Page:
Is the TEMP file actually there? Because it appears you’re not running encryption, you could also just copy it somewhere, add a .zip suffix, and see whether a test by a zip program such as 7-Zip has any comments on it.

I’m not sure what to say about AFFECTED. I can find no other reports in Duplicati forum or issues, however I found some on the general Internet (although not enough that I can figure out how error relates to Duplicati).

Do you have any other backup jobs running on the same Duplicati installation? Is destination an SMB share?

For testing purposes, you could set –backup-test-samples=0 in your job, to skip Verifying backend files after the backup (does this seem visually to be the failure spot?), but this is supposed to be sampled, not one file over and over again. If need be, we could probably open up the database, to see what it says about that file.

Trying the regular backup from the web UI Commandline option can sometimes get a better view of an issue, especially if one runs with high logging such as --log-level=Information or maybe even Profiling which is a lot.

No, it only “exists” in the log but doesn’t exist anywhere else.

Does the timestamp and/or name on the C:\WINDOWS\TEMP file ever change?
Yes. This is a daily backup so the name and timestamp change.

I have a process monitor but where would I tell it look? That file isn’t on any of my systems.

The log records 5 failure attempts in a row (failure 1 of 5, 2 of 5 etc.) with that “ghost” dblock file and 5 different TEMP files, none of which are leftover in the TEMP directory at the end of the process.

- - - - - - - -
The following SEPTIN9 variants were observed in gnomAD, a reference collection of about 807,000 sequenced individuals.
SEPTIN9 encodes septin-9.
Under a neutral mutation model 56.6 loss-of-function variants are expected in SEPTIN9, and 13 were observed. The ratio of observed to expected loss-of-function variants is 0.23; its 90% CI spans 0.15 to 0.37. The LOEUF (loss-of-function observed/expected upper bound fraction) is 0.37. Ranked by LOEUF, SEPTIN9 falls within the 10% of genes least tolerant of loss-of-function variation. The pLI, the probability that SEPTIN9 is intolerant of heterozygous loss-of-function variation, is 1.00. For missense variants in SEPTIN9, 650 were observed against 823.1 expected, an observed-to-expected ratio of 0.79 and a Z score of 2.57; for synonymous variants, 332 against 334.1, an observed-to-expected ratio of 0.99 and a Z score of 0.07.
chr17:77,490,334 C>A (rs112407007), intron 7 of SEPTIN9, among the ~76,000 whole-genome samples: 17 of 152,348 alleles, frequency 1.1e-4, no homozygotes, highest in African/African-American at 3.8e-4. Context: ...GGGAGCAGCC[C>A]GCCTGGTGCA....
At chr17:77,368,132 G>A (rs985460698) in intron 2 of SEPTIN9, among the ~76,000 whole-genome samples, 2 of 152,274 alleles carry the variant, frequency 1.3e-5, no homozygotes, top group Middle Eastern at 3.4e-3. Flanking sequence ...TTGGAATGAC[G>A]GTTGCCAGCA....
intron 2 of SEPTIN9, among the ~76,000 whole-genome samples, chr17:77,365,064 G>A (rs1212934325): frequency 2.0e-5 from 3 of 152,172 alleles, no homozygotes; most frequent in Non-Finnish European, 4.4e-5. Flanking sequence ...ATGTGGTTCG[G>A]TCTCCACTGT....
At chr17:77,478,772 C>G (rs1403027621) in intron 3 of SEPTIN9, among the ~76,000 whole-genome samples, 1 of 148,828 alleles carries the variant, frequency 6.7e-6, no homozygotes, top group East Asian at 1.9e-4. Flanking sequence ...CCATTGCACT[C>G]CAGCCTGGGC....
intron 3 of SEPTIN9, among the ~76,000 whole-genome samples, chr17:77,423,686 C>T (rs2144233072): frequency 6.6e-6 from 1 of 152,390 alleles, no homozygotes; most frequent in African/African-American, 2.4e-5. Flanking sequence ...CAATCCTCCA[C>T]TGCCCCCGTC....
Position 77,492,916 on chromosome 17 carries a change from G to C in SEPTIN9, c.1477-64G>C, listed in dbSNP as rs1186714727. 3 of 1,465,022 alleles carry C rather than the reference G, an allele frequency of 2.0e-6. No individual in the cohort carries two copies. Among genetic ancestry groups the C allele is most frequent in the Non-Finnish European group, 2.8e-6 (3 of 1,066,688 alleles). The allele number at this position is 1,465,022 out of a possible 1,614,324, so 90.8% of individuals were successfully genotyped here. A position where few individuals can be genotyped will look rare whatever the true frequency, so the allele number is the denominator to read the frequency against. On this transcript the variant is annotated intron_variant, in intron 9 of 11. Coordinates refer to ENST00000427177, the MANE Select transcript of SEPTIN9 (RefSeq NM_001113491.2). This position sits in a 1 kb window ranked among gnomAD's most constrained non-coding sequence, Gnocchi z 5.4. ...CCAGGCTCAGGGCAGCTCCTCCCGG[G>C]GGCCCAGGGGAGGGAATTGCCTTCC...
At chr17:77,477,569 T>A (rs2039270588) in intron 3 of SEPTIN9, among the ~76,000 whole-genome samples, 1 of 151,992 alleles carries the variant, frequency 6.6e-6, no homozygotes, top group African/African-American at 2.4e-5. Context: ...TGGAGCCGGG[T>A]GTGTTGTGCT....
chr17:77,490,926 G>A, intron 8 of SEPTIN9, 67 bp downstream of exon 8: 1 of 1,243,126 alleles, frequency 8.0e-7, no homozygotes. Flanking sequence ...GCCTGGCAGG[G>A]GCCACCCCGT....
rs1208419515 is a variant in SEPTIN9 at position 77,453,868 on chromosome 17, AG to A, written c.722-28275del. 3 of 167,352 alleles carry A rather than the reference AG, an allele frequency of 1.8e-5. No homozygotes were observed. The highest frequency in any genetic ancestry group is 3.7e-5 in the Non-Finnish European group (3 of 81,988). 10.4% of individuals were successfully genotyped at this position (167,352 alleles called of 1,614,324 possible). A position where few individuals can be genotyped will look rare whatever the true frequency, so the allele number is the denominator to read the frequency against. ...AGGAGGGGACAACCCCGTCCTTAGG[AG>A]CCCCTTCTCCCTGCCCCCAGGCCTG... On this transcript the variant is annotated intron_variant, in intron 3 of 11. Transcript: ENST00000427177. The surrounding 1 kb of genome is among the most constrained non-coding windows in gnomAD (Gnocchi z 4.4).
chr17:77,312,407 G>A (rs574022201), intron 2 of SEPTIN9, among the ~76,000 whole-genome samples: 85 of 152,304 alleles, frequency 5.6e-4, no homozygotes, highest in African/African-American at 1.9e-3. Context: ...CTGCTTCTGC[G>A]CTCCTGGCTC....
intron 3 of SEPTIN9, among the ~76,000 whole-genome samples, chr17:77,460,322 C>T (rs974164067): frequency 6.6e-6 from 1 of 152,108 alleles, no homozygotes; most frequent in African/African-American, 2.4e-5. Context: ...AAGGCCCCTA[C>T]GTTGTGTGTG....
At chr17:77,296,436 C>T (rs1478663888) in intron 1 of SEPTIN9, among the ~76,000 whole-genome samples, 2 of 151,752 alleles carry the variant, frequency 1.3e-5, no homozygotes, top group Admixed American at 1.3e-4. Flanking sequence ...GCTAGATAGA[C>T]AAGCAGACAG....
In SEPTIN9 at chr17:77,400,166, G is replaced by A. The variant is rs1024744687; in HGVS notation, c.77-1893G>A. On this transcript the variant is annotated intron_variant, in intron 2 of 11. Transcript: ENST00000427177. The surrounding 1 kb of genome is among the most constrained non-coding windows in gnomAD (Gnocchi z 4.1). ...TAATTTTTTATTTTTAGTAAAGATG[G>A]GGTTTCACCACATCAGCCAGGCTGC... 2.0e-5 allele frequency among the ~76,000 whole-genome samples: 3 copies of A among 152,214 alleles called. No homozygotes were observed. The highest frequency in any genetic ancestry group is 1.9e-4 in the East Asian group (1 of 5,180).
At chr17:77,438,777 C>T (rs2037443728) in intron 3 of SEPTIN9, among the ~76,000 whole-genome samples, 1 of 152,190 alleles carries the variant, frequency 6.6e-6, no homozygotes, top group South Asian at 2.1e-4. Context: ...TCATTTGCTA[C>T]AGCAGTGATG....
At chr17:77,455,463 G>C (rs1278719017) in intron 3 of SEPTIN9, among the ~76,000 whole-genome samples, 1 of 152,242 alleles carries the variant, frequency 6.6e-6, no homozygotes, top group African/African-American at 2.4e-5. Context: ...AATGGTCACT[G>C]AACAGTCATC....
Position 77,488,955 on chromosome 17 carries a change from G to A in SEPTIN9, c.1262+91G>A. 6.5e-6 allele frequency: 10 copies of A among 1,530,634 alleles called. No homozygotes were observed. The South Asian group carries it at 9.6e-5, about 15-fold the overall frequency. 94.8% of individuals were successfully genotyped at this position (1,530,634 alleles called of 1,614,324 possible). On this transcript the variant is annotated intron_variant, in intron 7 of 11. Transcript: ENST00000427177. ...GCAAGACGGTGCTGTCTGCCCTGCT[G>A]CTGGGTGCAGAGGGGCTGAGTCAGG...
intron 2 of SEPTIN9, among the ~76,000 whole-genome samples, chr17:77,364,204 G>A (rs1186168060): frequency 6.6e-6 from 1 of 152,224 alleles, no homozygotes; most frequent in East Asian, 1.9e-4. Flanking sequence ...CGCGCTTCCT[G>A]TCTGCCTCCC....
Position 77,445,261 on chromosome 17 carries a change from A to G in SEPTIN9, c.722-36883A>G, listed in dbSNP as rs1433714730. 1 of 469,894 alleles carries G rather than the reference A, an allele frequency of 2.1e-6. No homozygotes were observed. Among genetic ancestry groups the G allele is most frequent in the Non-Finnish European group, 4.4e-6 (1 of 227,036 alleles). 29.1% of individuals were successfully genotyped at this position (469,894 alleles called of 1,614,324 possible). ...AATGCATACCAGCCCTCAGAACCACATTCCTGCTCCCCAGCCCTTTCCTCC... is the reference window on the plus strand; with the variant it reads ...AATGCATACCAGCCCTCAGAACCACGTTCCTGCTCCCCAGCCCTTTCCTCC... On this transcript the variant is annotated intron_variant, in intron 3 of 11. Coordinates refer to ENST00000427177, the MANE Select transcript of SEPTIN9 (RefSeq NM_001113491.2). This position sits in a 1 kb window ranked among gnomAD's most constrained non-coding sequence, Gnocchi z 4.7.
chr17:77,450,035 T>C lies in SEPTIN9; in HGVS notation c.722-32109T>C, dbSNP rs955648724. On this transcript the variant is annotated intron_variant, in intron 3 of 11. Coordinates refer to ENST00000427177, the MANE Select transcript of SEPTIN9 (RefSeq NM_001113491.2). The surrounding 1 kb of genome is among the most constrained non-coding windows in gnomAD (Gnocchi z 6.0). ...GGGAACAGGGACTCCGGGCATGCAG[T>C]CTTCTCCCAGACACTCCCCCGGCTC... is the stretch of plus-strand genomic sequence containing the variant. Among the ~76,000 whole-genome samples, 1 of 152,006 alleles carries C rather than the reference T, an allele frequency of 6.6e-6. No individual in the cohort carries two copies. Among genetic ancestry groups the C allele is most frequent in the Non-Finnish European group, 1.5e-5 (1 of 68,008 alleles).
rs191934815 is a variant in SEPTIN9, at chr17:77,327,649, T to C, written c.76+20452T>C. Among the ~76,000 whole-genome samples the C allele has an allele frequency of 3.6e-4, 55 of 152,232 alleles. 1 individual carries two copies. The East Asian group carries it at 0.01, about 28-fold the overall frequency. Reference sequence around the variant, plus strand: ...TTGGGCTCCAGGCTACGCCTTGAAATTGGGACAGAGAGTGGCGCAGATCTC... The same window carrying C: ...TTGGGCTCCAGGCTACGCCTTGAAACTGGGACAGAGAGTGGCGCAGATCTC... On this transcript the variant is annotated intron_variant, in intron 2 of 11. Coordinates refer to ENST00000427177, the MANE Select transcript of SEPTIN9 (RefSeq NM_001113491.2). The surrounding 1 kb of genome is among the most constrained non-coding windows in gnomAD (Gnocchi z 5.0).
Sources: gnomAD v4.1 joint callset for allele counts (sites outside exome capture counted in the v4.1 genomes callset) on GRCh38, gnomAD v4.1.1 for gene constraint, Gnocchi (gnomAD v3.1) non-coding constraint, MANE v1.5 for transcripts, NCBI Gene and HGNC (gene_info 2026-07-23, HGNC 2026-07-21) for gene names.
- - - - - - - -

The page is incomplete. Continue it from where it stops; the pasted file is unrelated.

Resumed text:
Yes, one other job running twice a day to the same destination and it works fine. The destination is a Windows Network drive on my LAN.

The only difference between the two jobs (other than the times they run obviously) is that the job with the hash mismatch is backing up one very large file (like 100g) whereas the other job is a variety of regular-sized files. No clue if that makes a difference or not but it’s literally the only difference between the two jobs and is actually the reason I broke it into two jobs - I wanted the “one big file” job to run at a time when the machine was unused whereas I didn’t care when the other job ran.

I tried running with verification and hash checks disabled and that allowed the job to finish a few times though once I still got a hash error on that file anyway.

What would I look for in the database?

And I’ll try to up my log level and see if there’s more detail about that file then.

You don’t need to give a full path. Just use “contains” to see if it sees it somewhere you don’t.
I just ran a test and it seems to even pick up accesses to shares, and gives me the UNC path.
Because you get this at the end of a long backup, you might also want Filter --> Drop Filtered Events set in order to not get an overwhelming amount of data, although dropping may mean more runs with other filters.

I suppose you could also watch C:\WINDOWS\TEMP although the file name won’t be predictable. Doing this on another backup right after a completed backup would lower the number of files you’d see going through.